As anyone who has owned a pet knows, animals possess many characteristics that come across as strikingly “human.” Moreover, as scientists learn more about such creatures as bees, dolphins, gorillas, wolves, and crows, many of the traits once considered uniquely and distinctively human have been shown to occur among animals as well. Sophisticated forms of communication, the ability to distinguish self from other, a wide range of emotional states, logical reasoning and abstraction, the use of tools, the ability to learn, complex kinship and social relationships – all these behaviors (and many others) have been discovered among a wide variety of animal species.  All this research suggests that, in many of these domains, it is inaccurate to think of animals and humans as creatures separated by a vast qualitative gulf. Instead, we should see them as sentient beings arrayed along a single continuum of complexity and sophistication. According to this view, our difference from animals is only a matter of degrees and gradations, not of fundamental ontological status.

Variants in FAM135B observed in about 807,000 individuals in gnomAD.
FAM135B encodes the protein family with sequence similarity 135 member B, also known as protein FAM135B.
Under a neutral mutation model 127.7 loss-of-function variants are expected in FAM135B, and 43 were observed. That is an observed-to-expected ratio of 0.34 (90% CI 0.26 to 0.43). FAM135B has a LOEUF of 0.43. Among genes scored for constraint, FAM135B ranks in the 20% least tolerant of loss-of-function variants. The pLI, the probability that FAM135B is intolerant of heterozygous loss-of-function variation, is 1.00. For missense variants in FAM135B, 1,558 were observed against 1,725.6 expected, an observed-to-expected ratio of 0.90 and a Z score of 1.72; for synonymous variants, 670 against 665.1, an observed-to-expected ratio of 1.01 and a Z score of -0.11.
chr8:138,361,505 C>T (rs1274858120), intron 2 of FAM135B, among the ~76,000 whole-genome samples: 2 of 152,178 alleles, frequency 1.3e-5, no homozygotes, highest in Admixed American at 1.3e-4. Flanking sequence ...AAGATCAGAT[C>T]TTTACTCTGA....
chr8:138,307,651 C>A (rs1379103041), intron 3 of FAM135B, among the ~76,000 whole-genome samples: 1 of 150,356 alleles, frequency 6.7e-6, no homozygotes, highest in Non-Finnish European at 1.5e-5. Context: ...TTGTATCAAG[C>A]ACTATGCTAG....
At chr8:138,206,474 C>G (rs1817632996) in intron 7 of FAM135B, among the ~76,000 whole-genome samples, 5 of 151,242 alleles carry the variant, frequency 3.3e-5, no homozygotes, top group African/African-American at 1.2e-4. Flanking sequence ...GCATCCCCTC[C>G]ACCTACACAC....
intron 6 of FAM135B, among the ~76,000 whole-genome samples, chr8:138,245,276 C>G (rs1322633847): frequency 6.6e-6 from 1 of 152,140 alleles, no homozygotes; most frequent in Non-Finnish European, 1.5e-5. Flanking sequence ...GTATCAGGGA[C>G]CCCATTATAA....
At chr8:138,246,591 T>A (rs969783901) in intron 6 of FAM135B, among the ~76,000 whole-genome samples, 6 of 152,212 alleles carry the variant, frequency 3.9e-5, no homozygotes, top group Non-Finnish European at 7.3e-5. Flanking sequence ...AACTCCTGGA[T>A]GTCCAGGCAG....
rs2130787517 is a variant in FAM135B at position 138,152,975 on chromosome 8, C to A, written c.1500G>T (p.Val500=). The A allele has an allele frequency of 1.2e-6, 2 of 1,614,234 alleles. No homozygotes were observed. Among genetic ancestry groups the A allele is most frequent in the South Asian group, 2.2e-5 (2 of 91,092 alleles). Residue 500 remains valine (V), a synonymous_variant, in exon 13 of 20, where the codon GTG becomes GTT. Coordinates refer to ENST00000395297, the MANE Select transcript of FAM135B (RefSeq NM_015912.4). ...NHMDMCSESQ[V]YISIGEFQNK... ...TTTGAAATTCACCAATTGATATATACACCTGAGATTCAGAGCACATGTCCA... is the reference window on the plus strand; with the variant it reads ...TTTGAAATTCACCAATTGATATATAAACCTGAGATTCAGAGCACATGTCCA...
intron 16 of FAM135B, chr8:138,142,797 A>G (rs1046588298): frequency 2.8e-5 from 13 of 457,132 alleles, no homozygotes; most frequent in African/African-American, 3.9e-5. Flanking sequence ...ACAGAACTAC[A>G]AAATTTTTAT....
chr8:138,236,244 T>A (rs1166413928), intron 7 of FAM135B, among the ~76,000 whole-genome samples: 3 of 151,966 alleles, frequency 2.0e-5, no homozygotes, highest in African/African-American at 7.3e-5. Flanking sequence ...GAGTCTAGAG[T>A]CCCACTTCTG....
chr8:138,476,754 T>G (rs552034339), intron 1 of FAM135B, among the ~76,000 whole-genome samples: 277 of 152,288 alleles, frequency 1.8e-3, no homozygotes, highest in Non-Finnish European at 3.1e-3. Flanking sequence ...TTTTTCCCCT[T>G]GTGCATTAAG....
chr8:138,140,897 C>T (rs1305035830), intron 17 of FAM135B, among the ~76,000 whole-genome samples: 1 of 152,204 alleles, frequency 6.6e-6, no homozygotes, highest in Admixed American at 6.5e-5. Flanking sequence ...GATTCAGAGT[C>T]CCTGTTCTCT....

This argument has two significant problems, however.  First and foremost, it flies in the face of our moral intuitions about the absolute “threshold of inviolability” inherent in the concept of human dignity. (See Appendix G.) It also downplays excessively the layered nature of reality, the synergistic process through which individual traits of humans come together, interacting dynamically to potentiate each other and generate something qualitatively new: our personhood. I take up these issues at greater length in a forthcoming book.
 See the entries under the Bibliography heading of “Animal Enhancement.”
See Jeffrey Schaler, ed., Peter Singer Under Fire (Open Court, 2009).